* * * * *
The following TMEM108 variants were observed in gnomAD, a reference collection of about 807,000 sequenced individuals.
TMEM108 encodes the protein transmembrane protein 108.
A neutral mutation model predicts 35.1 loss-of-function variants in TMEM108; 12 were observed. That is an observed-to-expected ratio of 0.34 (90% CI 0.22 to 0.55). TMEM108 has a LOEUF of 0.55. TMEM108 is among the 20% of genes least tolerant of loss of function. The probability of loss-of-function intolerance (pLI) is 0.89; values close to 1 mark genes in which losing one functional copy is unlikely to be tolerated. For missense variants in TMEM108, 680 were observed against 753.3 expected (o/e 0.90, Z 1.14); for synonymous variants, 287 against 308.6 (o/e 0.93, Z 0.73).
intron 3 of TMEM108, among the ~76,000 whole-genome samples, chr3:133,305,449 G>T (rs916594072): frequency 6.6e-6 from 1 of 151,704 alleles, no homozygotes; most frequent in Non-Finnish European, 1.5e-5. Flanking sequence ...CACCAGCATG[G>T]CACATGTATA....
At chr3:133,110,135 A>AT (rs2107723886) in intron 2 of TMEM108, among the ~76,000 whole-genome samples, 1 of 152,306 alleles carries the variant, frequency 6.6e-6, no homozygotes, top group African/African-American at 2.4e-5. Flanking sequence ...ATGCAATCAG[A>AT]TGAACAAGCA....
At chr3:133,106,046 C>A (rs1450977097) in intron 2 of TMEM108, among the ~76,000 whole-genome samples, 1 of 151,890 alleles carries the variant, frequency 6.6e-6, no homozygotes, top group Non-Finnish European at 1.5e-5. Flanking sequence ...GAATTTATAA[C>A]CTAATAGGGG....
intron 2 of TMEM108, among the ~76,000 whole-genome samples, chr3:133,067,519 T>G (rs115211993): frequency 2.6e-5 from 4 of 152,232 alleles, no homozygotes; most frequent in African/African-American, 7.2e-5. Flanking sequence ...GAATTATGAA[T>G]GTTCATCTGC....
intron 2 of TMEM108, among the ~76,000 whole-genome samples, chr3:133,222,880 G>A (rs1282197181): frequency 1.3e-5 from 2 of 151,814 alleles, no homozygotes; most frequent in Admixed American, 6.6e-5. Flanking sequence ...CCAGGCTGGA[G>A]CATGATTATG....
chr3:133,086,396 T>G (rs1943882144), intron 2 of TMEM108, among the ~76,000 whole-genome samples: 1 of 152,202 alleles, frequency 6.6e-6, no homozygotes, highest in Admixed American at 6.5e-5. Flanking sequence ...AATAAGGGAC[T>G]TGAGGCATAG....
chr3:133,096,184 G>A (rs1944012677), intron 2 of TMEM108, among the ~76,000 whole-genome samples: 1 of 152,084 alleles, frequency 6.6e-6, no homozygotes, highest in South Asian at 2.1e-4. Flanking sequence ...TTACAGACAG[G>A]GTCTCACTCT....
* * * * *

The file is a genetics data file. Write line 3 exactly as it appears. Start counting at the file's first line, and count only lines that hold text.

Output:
A neutral mutation model predicts 35.1 loss-of-function variants in TMEM108; 12 were observed. That is an observed-to-expected ratio of 0.34 (90% CI 0.22 to 0.55). TMEM108 has a LOEUF of 0.55. TMEM108 is among the 20% of genes least tolerant of loss of function. The probability of loss-of-function intolerance (pLI) is 0.89; values close to 1 mark genes in which losing one functional copy is unlikely to be tolerated. For missense variants in TMEM108, 680 were observed against 753.3 expected (o/e 0.90, Z 1.14); for synonymous variants, 287 against 308.6 (o/e 0.93, Z 0.73).